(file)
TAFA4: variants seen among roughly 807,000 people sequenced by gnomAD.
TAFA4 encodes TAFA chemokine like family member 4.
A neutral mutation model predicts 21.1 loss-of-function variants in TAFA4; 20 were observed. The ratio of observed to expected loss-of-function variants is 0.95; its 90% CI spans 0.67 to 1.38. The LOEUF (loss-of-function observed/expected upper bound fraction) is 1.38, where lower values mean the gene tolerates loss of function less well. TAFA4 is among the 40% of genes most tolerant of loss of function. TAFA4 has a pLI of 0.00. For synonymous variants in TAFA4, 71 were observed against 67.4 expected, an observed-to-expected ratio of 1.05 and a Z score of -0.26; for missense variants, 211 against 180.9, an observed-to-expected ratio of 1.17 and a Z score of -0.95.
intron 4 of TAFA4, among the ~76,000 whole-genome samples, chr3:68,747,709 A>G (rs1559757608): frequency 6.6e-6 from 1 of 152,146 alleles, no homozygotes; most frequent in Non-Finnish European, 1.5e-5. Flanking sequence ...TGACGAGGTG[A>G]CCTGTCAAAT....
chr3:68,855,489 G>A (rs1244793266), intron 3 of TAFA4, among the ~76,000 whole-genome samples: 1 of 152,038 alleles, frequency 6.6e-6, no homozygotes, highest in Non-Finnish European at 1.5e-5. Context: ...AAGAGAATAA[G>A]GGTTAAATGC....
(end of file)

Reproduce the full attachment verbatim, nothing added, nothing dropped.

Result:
TAFA4: variants seen among roughly 807,000 people sequenced by gnomAD.
TAFA4 encodes TAFA chemokine like family member 4.
A neutral mutation model predicts 21.1 loss-of-function variants in TAFA4; 20 were observed. The ratio of observed to expected loss-of-function variants is 0.95; its 90% CI spans 0.67 to 1.38. The LOEUF (loss-of-function observed/expected upper bound fraction) is 1.38, where lower values mean the gene tolerates loss of function less well. TAFA4 is among the 40% of genes most tolerant of loss of function. TAFA4 has a pLI of 0.00. For synonymous variants in TAFA4, 71 were observed against 67.4 expected, an observed-to-expected ratio of 1.05 and a Z score of -0.26; for missense variants, 211 against 180.9, an observed-to-expected ratio of 1.17 and a Z score of -0.95.
intron 4 of TAFA4, among the ~76,000 whole-genome samples, chr3:68,747,709 A>G (rs1559757608): frequency 6.6e-6 from 1 of 152,146 alleles, no homozygotes; most frequent in Non-Finnish European, 1.5e-5. Flanking sequence ...TGACGAGGTG[A>G]CCTGTCAAAT....
chr3:68,855,489 G>A (rs1244793266), intron 3 of TAFA4, among the ~76,000 whole-genome samples: 1 of 152,038 alleles, frequency 6.6e-6, no homozygotes, highest in Non-Finnish European at 1.5e-5. Context: ...AAGAGAATAA[G>A]GGTTAAATGC....